By Mike J. Schoonover
Sir Winston Churchill once said, “There is something about the outside of a horse that is good for the inside of a man,” and I wholeheartedly believe this is true. Unfortunately, the “trading” of horses has been viewed as a source of dishonesty since the Gilded Age. Most horses are sold “as is,” and prospective buyers must be able to identify horses with pre-existing conditions that may make it unsuitable for their intended use. Additionally, horses can be expensive.
The purchase price of a horse is often the cheapest part of horse ownership. Boarding, feed and hay, tack, training, shoeing, entry fees, transportation costs, veterinary bills and other expenses can quickly exceed the monetary value of a particular horse. Therefore, any prospective buyer should consider a pre-purchase examination before completing the transaction. It is better to financially invest in a sound, heathy horse than one with a condition that makes it unfit for its intended use.
A pre-purchase examination is a veterinary evaluation to determine the current health and soundness of a horse prior to purchase. The horse’s age, intended use, level of training and many other factors, including the buyer’s intent regarding resale, can influence the extent of the examination. Thus not all pre-purchase examinations are equal both in cost and complexity. Furthermore, it should not simply be a “pass” or “fail” examination. If that were the case, very few horses would “pass” because most, if not all, will have a flaw of some sort.
It is the examining veterinarian’s responsibility to do a comprehensive evaluation to identify any and all imperfections the horse may have. To accomplish this, the examining veterinarian will perform a thorough physical examination and, in most cases, additional diagnostic tests such as x-rays or an ultrasound. Ailments such as a heart murmur, vision impairment, subtle lameness or prior surgery are just some underlying conditions a pre-purchase examination could uncover. Once the pre-purchase examination is complete, the veterinarian discusses the findings with the buyer so they can make an educated decision to purchase or not to purchase the horse.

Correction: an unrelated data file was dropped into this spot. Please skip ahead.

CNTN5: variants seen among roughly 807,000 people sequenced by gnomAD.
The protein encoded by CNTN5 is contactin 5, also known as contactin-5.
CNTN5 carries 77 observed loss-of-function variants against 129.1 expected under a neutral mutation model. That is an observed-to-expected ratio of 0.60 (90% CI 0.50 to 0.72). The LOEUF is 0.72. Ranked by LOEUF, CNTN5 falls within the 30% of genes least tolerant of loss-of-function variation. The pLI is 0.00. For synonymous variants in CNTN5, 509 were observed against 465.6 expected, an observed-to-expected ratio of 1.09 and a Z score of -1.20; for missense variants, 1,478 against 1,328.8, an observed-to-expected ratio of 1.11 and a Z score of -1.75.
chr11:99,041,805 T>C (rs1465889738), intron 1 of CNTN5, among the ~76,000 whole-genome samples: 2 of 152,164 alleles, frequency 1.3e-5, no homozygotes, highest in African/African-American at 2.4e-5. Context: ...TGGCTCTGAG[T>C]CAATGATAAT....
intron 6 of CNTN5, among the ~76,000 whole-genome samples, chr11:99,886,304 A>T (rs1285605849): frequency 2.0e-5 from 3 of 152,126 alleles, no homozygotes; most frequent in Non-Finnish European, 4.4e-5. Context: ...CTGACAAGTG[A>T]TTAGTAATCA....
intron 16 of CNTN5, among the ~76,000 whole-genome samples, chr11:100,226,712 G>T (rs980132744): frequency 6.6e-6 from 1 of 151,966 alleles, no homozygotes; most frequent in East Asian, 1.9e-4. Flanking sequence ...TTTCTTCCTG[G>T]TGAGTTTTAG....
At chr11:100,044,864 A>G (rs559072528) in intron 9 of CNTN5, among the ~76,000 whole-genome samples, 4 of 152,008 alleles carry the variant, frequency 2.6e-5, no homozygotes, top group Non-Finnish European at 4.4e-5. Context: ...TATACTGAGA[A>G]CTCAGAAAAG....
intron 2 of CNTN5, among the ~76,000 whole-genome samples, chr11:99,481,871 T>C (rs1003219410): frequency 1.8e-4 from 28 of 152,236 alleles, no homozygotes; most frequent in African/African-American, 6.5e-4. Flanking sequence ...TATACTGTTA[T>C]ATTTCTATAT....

It is important for the buyer to select a veterinarian that is experienced in equine medicine and lameness. The veterinarian should possess a good knowledge of the breed, discipline and/or intended use of the horse considered for purchase. A lack of expertise relating to breed or discipline specific disorders, as well as specific breed requirements, competition regulations, and other factors may handicap an otherwise capable equine veterinarian.
Open and effective communication between the buyer and the examining veterinarian before, during and after the examination is also particularly important so that there are no assumptions or misunderstandings. Remember, the examining veterinarian does not have a crystal ball that sees into the future, and a pre-purchase examination is not intended to serve as a warranty or guarantee of future health or soundness. However, a thorough examination by a knowledgeable equine veterinarian will likely bring to light significant abnormalities that could inhibit a horse from performing at the expected level, whether that be a quiet ride across the pasture or participating in a high-level competition.
Purchasing a horse today is a very different process than it was in the late 1800s. Prospective buyers often seek a pre-purchase examination to provide as much insight into the health and soundness of a horse as possible. The examination can give a buyer confidence in their purchase or save them the considerable expense and heartache of a poor purchase. Either way, a pre-purchase examination is a win for the buyer.Source : okstate.edu